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In 1984, British journalist Arthur Stuart investigates the career of 1970s glam superstar Brian Slade, who was heavily influenced in his early years by hard-living and rebellious American singer Curt Wild.
Jonathan Rhys Meyers,
Three intercut stories about outsiders, sex and violence. In "Hero," Richie, at age 7, kills his father and flies away. After the event, a documentary in cheesy lurid colors asks what ... See full summary »
On a rainy London night in 1946, novelist Maurice Bendrix has a chance meeting with Henry Miles, husband of his ex-mistress Sarah, who abruptly ended their affair two years before. ... See full summary »
Cathy is the perfect 50s housewife, living the perfect 50s life: healthy kids, successful husband, social prominence. Then one night she surprises her husband Frank kissing another man, and her tidy world starts spinning out of control. In her confusion and grief, she finds consolation in the friendship of their African-American gardener, Raymond - a socially taboo relationship that leads to the further disintegration of life as she knew it. Despite Cathy and Frank's struggle to keep their marriage afloat, the reality of his homosexuality and her feelings for Raymond open a painful, if more honest, chapter in their lives. Written by
Jonas A. Reinartz <email@example.com>
In the middle of shooting, the production's bond company took away the easy-pass cards used by the teamsters on the crew during their daily commute over the Jersey turnpike to locations. This ended up costing the production more, as the drivers still used the no-stop toll lanes at the turnpike and ended up incurring fines. See more »
When Cathy enters her husband's office suite to surprise him with dinner, the door has an '80s-style push-plate on the other side of the bar-handle Cathy uses. See more »
[Frank is drunk at the cocktail party]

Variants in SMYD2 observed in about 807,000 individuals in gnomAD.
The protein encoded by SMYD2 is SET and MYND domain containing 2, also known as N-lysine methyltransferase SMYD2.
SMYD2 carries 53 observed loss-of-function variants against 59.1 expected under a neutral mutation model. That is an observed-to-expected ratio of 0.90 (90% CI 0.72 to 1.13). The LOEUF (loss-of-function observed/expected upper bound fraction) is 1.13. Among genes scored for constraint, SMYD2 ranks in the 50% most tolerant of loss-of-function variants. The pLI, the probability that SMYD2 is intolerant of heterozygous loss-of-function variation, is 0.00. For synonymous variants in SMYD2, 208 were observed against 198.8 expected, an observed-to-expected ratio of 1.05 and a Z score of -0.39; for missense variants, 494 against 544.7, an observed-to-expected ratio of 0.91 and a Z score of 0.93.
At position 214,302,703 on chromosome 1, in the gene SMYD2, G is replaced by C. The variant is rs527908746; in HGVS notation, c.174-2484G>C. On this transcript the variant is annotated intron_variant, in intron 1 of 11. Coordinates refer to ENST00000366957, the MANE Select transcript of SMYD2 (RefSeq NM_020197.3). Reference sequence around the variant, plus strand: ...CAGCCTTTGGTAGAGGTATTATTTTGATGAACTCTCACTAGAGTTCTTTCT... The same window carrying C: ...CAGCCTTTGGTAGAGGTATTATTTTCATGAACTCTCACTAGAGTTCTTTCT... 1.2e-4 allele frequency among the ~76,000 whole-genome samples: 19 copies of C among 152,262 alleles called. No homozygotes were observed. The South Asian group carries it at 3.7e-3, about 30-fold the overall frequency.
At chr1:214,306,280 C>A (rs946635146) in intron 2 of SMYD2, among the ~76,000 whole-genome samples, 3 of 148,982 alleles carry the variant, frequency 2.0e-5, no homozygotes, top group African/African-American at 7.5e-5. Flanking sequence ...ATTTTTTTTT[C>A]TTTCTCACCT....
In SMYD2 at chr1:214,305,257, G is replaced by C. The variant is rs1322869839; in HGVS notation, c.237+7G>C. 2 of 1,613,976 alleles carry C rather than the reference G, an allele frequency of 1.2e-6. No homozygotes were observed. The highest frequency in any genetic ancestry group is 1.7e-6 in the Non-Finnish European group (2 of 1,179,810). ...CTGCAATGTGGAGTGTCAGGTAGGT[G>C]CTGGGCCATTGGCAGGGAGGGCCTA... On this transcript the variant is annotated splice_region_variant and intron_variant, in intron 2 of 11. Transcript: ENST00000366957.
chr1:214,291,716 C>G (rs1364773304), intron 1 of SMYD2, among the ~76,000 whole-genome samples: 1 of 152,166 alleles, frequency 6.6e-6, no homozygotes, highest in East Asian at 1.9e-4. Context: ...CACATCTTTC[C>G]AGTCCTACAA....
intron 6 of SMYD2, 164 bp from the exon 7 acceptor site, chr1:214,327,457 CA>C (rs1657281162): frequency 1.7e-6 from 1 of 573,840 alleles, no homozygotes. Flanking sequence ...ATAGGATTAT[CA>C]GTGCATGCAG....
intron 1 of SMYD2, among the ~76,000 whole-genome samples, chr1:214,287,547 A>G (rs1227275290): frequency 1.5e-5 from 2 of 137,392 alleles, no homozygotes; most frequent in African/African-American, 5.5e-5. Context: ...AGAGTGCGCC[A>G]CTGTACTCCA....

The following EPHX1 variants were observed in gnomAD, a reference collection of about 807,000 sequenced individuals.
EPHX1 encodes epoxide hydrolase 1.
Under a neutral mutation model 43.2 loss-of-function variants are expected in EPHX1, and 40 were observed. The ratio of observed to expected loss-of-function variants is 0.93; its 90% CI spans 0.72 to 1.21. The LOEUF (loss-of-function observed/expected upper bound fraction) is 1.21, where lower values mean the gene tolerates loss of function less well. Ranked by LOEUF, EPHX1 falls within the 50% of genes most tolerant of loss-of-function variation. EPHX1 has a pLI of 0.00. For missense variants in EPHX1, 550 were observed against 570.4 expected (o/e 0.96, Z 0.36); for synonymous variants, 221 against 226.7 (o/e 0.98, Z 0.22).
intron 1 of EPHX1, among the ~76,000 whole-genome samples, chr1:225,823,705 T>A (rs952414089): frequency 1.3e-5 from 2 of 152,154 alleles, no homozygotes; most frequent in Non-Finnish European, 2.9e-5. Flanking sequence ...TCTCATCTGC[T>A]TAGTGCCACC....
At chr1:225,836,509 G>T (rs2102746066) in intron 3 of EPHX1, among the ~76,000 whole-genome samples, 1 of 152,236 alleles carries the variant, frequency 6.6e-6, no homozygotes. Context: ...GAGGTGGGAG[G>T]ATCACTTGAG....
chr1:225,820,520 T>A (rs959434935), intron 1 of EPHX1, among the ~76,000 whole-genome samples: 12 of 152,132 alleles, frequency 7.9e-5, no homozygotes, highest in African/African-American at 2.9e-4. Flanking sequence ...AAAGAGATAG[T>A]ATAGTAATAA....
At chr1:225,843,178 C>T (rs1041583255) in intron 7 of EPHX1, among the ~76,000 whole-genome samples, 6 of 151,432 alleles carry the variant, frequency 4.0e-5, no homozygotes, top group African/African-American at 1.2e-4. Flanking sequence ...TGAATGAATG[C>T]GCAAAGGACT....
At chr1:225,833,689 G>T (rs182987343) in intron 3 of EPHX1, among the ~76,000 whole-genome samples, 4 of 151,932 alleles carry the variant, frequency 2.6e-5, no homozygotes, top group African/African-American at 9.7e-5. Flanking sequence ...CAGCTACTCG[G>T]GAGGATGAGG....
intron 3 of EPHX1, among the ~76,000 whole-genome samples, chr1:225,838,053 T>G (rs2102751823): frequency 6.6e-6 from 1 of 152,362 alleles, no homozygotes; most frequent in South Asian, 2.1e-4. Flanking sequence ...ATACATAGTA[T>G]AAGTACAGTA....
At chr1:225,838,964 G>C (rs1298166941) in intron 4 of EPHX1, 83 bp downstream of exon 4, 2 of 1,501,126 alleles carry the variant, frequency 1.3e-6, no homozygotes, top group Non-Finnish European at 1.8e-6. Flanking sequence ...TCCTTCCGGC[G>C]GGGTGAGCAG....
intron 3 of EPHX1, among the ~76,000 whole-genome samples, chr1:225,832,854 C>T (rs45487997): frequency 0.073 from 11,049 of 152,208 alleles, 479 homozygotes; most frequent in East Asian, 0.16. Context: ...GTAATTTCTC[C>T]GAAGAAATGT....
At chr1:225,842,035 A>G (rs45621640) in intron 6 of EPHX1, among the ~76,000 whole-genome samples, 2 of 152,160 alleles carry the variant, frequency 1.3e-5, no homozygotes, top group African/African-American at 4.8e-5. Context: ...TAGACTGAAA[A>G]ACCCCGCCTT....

Frank is the luckiest guy in town!
It's all smoke and mirrors, fellas. That's all it is. You should see her without her face on.
No, he's absolutely right. We ladies are never what we appear, and every girl has her secrets.
See more »
Todd Haynes' achievement in his homage to the films of Douglas Sirk is so complete, and seems so carefree that it is easy to dismiss FAR FROM HEAVEN as a trifle. The look of such ease is deceptive, however. Haynes' accomplishment, that of telling a new story through a loving recreation of the 50's weepy, is visually sumptuous and sweetly moving. The painstaking effort, from the amazingly overblown dialogue (ever so slightly exaggerated from the style of the actual 50's weepy) to the oversaturated colors and evocative score, never strains the film.
In Julianne Moore he finds the perfect heroine. Her performance is so skilled that we don't see her at work. Though nominated, Ms. Moore was sadly overlooked at the 2003 Oscars. Apparently no one could see past Nicole Kidman's prosthetic nose in THE HOURS. (When a beautiful actress plays "ugly" she wins an award. Ms. Kidman's performance in THE HOURS is one of her best in that deeply moving film, but it hardly matches the subtlety and difficulty of Ms. Moore's work in FAR FROM HEAVEN.) With such breathtaking ease that we forget she is acting, Ms. Moore scales the grand challenge of using melodramatic dialogue that verges deliberately on camp to reveal the tenderness and desire of the naive 50's housewife who is the center of FAR FROM HEAVEN. (Watch her face in an early scene where she and the excellent Patricia Clarkson talk with their girlfriends about their respective marriages.)
Credit must be given to Haynes as well, who asks his cast to play it straight. Ms. Moore, who consistently achieves beauty and depth with each performance, brings this tender film to life. She has a fine counterpart in the handsome and Dennis Quaid who has not had such a plumb role since his early days.
Though every film should stand on its own, you should check out the milieu that Todd Haynes is working in the oeuvre of Douglas Sirk being the main source but you can also check out earlier films like DARK VICTORY and other domestic dramas.
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